Politics on Tap
The county Board of Supervisors set March 7 as the date for a Special Election for two tax measures affecting Sonoma Valley residents, cleverly named Measure A and Measure B.
Measure AMeasure A asks voters in the unincorporated areas of Sonoma County if they support a cannabis business tax – up to $38 a square foot (growing area) or up to 10 percent on gross receipts on commercial marijuana cultivation – from seed to market – that could bring in as much as $3.8 million in its first year (starting in January, 2018).
The money would be used to “to fund essential county services such as addressing industry impacts, public safety, fire, health, housing, roads, and environmental protection, with funds staying local and subject to audits, generating undetermined revenue until repealed.”
This is a general tax measure which calls for a simple majority of voters in the unincorporated areas of the county to pass, since the money goes directly into the county general fund, according to Deputy Registrar Lis Acosta.
The numbers in the measure are the top tax rates allowed. Initially, the figures will be much lower, but they could be raised by the supervisors without a county-wide vote until they reach the limits set in Measure A.
For now, the county is sticking to the fee model rather than exercising the considerable authority provided by this ordinance to review cultivator books and bank accounts to apply the percentage of gross receipts method.
The initial flat fee on several classes of commercial growers ranges from $.50 per square foot of ground planted up to $18.75 a square foot for medium-size indoor growers. Cultivation can happen outdoors, in greenhouses, and indoors: each is assessed differently according to the potential yield.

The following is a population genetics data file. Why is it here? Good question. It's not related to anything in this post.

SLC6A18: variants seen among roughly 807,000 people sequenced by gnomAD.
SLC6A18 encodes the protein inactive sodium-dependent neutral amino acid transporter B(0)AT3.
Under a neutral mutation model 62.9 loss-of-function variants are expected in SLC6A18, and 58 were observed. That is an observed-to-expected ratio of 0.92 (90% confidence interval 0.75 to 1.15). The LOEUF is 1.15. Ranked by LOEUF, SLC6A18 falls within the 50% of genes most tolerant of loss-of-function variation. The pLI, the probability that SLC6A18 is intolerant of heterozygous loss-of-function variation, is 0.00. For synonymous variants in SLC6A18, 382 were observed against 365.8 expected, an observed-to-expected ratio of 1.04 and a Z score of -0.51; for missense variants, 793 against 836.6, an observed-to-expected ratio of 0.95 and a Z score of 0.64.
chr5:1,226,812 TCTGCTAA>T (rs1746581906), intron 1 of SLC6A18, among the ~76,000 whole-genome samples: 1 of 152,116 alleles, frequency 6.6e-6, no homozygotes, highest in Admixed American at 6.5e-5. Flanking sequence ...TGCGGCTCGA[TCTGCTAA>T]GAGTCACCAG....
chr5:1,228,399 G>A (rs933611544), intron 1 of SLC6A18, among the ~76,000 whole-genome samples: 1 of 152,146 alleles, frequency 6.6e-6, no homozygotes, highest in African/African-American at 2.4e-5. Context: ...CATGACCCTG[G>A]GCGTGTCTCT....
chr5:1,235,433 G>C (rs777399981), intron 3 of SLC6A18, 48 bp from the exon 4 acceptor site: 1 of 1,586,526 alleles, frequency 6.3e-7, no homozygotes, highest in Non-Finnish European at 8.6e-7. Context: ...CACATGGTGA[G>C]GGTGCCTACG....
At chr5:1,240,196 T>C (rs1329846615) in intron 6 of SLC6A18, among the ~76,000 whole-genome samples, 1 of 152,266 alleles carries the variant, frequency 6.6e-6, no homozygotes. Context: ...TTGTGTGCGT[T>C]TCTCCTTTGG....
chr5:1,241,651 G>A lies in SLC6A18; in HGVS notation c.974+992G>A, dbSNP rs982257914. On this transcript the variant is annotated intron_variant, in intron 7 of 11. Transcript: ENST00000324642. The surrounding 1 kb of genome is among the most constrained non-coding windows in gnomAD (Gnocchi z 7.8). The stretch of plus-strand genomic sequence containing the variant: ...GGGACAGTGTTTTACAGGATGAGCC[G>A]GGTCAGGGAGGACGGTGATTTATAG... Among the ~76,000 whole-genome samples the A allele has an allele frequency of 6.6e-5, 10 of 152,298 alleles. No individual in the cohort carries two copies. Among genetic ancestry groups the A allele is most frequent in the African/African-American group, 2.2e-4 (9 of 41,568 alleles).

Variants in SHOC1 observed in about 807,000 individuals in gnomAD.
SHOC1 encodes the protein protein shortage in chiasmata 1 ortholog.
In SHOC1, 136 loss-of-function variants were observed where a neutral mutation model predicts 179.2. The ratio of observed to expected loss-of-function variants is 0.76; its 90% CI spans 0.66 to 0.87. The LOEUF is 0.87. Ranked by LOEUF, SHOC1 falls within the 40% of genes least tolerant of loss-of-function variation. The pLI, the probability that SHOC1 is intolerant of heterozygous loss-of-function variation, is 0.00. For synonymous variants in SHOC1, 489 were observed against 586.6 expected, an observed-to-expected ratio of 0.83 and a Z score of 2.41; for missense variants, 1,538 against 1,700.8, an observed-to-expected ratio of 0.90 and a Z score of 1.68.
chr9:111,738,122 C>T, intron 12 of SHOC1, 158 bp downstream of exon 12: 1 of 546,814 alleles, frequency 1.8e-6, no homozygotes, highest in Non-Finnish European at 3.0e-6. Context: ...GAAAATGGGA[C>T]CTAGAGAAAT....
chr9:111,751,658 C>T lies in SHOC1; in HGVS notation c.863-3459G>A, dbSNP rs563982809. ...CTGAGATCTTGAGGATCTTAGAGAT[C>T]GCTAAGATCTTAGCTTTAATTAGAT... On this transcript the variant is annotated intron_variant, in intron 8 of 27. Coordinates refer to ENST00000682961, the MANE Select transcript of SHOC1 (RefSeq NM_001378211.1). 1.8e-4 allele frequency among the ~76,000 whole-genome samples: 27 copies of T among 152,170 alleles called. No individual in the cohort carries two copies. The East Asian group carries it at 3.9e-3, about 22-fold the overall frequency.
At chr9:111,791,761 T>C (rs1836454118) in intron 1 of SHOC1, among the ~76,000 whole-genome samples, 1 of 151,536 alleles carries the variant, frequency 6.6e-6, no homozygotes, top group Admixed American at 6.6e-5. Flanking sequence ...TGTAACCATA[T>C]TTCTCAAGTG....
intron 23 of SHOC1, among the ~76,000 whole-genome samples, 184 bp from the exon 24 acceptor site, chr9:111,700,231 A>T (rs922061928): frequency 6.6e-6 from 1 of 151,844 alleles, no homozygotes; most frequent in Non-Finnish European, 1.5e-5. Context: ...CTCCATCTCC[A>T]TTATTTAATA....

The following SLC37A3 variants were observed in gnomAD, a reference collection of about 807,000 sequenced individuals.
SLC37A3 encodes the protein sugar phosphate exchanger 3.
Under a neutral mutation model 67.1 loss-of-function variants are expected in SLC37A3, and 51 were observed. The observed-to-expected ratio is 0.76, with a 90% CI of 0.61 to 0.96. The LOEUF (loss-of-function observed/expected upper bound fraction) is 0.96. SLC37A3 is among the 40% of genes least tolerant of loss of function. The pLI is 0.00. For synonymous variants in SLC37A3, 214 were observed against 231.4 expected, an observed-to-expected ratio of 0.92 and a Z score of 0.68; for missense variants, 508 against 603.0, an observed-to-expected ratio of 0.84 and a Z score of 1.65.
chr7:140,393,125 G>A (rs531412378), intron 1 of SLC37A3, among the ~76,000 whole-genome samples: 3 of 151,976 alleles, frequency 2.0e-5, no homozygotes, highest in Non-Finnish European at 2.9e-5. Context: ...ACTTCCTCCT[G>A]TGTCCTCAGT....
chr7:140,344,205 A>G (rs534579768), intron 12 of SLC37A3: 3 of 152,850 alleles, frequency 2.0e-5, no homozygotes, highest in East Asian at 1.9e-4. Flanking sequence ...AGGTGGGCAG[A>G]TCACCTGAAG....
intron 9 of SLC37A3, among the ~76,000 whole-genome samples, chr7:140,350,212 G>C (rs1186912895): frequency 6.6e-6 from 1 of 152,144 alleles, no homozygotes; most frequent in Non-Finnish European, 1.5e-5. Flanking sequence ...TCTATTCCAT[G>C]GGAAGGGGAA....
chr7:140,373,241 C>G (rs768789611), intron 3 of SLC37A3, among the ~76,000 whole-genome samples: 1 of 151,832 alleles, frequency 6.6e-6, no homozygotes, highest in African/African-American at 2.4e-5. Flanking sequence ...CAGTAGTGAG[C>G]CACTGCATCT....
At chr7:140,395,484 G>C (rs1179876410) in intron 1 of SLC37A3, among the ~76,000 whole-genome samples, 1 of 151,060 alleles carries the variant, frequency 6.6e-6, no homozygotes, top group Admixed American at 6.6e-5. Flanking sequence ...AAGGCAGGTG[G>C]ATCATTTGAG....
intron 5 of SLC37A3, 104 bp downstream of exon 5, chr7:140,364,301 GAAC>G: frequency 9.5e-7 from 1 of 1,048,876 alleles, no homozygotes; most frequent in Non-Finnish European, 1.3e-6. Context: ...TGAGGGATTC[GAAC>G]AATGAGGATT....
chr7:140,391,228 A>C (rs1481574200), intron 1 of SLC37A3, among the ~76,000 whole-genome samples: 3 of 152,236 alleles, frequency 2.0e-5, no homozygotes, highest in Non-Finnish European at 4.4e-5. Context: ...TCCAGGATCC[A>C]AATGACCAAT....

Full text of the measure can be found at sonomacounty.ca.gov/CAO/Cannabis/Adopted-Medical-Cannabis-Program-Ordinances-and-Policies/.
Measure BMeasure B is a call for voters in the Sonoma Valley Health Care District to approve a five-year, $250 parcel tax to keep Sonoma Valley Hospital’s Emergency Room running and for other improvements, though this money will not be used for capital improvements, “other than improvements made in connection with the day-to-day operational needs of the District.”
“The existing parcel tax expires at the end of 2017,” Peter Hohorst said. He has served on the District’s Board for eight years and heads up the campaign to pass Measure B. He noted that the old parcel tax rate of $195 has been in effect since 2007 and a raise is needed.
The District will continue to employ its currently established administrative review process to grant exemptions and consider appeals with respect to contiguous parcels.
Measure B will generate approximately $3.8 million a year for the Health Care District.
Most, but not all of Kenwood was formerly in the District from 1944 until it was separated out in 2005. Glen Ellen residents are entirely within the SVHCD and will vote on the Measure. See yesonmeasurebsonoma.com.
Both measures can be examined in detail at the County Registrar’s website, vote.sonoma-county.org.
Feb. 20 is the last day to register to vote in this election. You can vote by mail as early as Feb. 6. If you think you’d like to work at the polls, go the website mentioned above and click on the “Poll Workers Needed For March 7, 2017 Special Election” link.